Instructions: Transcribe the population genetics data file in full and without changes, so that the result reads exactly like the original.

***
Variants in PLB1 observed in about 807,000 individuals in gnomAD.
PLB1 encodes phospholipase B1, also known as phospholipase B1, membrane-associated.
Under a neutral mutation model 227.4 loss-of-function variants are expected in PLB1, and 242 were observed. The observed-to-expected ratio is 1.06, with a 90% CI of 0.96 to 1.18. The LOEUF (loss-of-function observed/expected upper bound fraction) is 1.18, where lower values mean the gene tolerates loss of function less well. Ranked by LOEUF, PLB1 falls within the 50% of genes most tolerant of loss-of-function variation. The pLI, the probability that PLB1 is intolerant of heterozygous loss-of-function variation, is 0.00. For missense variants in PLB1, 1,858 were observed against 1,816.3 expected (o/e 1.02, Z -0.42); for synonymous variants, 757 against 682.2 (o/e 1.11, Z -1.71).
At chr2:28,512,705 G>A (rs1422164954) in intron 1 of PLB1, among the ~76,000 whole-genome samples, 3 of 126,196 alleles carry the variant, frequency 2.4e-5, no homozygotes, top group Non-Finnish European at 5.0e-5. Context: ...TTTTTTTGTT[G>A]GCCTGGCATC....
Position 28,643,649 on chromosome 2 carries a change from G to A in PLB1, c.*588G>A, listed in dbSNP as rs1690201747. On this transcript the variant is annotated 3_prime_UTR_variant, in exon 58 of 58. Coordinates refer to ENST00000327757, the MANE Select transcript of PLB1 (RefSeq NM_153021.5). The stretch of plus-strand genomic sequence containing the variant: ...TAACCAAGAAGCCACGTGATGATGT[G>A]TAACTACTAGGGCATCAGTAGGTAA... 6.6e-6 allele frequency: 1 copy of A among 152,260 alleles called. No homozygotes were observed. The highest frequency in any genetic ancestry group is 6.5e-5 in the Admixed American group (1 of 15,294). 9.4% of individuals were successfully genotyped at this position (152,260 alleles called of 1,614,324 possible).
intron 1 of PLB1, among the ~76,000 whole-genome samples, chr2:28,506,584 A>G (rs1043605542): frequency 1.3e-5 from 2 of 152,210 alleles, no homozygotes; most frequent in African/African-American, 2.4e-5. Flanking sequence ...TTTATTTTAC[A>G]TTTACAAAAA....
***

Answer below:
Variants in PLB1 observed in about 807,000 individuals in gnomAD.
PLB1 encodes phospholipase B1, also known as phospholipase B1, membrane-associated.
Under a neutral mutation model 227.4 loss-of-function variants are expected in PLB1, and 242 were observed. The observed-to-expected ratio is 1.06, with a 90% CI of 0.96 to 1.18. The LOEUF (loss-of-function observed/expected upper bound fraction) is 1.18, where lower values mean the gene tolerates loss of function less well. Ranked by LOEUF, PLB1 falls within the 50% of genes most tolerant of loss-of-function variation. The pLI, the probability that PLB1 is intolerant of heterozygous loss-of-function variation, is 0.00. For missense variants in PLB1, 1,858 were observed against 1,816.3 expected (o/e 1.02, Z -0.42); for synonymous variants, 757 against 682.2 (o/e 1.11, Z -1.71).
At chr2:28,512,705 G>A (rs1422164954) in intron 1 of PLB1, among the ~76,000 whole-genome samples, 3 of 126,196 alleles carry the variant, frequency 2.4e-5, no homozygotes, top group Non-Finnish European at 5.0e-5. Context: ...TTTTTTTGTT[G>A]GCCTGGCATC....
Position 28,643,649 on chromosome 2 carries a change from G to A in PLB1, c.*588G>A, listed in dbSNP as rs1690201747. On this transcript the variant is annotated 3_prime_UTR_variant, in exon 58 of 58. Coordinates refer to ENST00000327757, the MANE Select transcript of PLB1 (RefSeq NM_153021.5). The stretch of plus-strand genomic sequence containing the variant: ...TAACCAAGAAGCCACGTGATGATGT[G>A]TAACTACTAGGGCATCAGTAGGTAA... 6.6e-6 allele frequency: 1 copy of A among 152,260 alleles called. No homozygotes were observed. The highest frequency in any genetic ancestry group is 6.5e-5 in the Admixed American group (1 of 15,294). 9.4% of individuals were successfully genotyped at this position (152,260 alleles called of 1,614,324 possible).
intron 1 of PLB1, among the ~76,000 whole-genome samples, chr2:28,506,584 A>G (rs1043605542): frequency 1.3e-5 from 2 of 152,210 alleles, no homozygotes; most frequent in African/African-American, 2.4e-5. Flanking sequence ...TTTATTTTAC[A>G]TTTACAAAAA....